Baby, it’s cold outside, even here on the Cape most of the time.
But even with the garden asleep for the time being, a gardener still likes to keep his hand in. You can sit with the new garden catalogs and drool and dream about the coming season’s new offerings, which can be a little frustrating when you see how much some of the pretty things cost.
For distractions from winter’s cold and dark, I have a fondness for video games.
Railroad Tycoon 3 is a favorite, alternating with Sim City 4 and The Original Sims. I also like to surf through a few different online game sites to see what they have to offer. Unfortunately, I am no longer welcome at MSN Games now that I’m using Mozilla Firefox as my browser. But at Shockwave, I’ve hit paydirt, as it were, with a new favorite: Plant Tycoon.
Primarily, gameplay takes place in your green house, where you fill pots with soil, water and plant seeds.
Just like in the real world, as time passes, and seeds are kept watered, plants begin to grow. This early part of the game is a little tedious: like any seed-based venture, patience is required.
The whole point of the game, of course, is to grow beautiful plants to sell at your nursery to make you fabulously wealthy. Ha ha…
As your plants mature, they need to be pollinated, so you can collect seeds for future generations of Plants For Sale. Once you’ve got a nice variety of species, you can start cross-pollinating them, with some interesting and surprising results…which all results in new plants to offer your nursery customers, who will either love them or hate them.
There are butterflies which regularly float and flit through the greenhouse, and you can catch them with a net. The rules suggest this is optional, but it does pass the time, and after you’ve caught one of each of the butterfly species for your collection, any duplicates are traded in for cash holdings.
Of course, having some cash is always handy for buying insecticide and new seeds and fertilizer, just like in real world gardening. And so there’s a nursery supply screen you can visit for these things and others.
This part of the game is somewhat limited due to this being the online demo version of the game. There’s a link to purchase the full game, which might just be worth it.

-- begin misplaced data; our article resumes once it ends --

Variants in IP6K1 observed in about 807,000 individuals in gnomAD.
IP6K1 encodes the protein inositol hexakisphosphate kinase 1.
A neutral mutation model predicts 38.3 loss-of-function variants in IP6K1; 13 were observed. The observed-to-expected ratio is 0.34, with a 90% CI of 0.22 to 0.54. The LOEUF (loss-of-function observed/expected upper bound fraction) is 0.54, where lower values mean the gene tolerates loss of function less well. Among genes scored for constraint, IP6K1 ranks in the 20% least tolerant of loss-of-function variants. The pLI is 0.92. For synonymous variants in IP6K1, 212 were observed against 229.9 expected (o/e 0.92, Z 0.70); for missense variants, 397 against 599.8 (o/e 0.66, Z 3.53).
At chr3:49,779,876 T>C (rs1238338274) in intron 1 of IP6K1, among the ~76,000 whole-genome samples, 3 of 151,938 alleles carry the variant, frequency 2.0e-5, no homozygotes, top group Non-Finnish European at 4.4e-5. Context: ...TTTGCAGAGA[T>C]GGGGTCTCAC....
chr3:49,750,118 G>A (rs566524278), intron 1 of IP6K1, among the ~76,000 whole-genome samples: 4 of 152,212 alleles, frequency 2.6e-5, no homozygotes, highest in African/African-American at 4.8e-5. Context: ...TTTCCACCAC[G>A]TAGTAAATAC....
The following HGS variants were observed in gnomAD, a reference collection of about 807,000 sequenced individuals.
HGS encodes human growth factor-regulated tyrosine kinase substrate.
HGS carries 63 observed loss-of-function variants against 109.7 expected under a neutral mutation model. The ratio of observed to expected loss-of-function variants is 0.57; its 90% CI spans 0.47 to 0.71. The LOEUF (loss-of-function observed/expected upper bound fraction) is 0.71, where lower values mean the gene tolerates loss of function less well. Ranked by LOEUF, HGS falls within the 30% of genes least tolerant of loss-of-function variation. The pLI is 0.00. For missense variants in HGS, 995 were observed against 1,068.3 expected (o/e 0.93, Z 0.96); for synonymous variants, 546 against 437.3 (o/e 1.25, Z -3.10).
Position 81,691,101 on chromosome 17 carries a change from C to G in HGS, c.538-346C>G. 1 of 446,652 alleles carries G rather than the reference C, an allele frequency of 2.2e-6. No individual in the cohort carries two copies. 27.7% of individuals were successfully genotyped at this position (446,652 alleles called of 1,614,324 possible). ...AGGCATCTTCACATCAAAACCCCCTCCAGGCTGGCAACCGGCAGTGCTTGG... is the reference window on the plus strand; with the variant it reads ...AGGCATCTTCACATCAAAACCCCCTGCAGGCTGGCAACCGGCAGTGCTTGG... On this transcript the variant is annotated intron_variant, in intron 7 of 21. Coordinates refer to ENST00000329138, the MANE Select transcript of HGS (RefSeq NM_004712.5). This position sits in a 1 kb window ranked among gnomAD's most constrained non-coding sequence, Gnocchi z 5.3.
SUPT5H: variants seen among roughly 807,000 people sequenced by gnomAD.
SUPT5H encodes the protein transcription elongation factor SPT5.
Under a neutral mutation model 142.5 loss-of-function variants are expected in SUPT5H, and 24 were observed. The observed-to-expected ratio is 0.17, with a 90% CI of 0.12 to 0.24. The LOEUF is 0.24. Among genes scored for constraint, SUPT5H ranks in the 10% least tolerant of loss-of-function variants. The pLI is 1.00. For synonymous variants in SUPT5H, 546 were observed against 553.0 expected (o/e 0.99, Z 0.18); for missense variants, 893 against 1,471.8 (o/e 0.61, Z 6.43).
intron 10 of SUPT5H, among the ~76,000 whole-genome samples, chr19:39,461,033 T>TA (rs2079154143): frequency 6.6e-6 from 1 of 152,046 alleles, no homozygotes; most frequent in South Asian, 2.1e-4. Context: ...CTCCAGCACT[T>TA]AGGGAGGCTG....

The online version of the game apparently links to your computer, so that when you go back later, it offers to pick up the same game you were playing…although the time you were gone has passed in the game, and you can often return to find dead plants.
The full version includes a PAUSE option for when you need to be elsewhere, which would save some unnecessary heartbreak. It also includes more new seeds to play around with, and more garden art to decorate your nursery to attract bigger crowds.
I also hope that the full version would allow me to grow twice as many plants at once, so there’d always be a wave of them headed to the nursery for sale.
It can be a fun game for a day off, when you are puttering around the house at a variety of smaller tasks. You can leave the game up on the screen and check back now and then to water and otherwise tend your little simulated plants.
And once all that’s in good shape, then it’s off to watering the actual house plants, or doing dishes, or laundry or taking a walk out to look at the winter garden in the cold sunshine.
Once some time has passed in the game, your plants will mature and blossom, which, like real gardening, is the best part.
Once you’ve collected some seeds from your plants you can price them and send them to the nursery. Here they are displayed for the gardening masses who descend on the nursery yard and scoop up plants faster than locusts can eat them.
This is a fun and thoughtfully-designed game. It’s a fun change of pace. Check it out, if you like, here.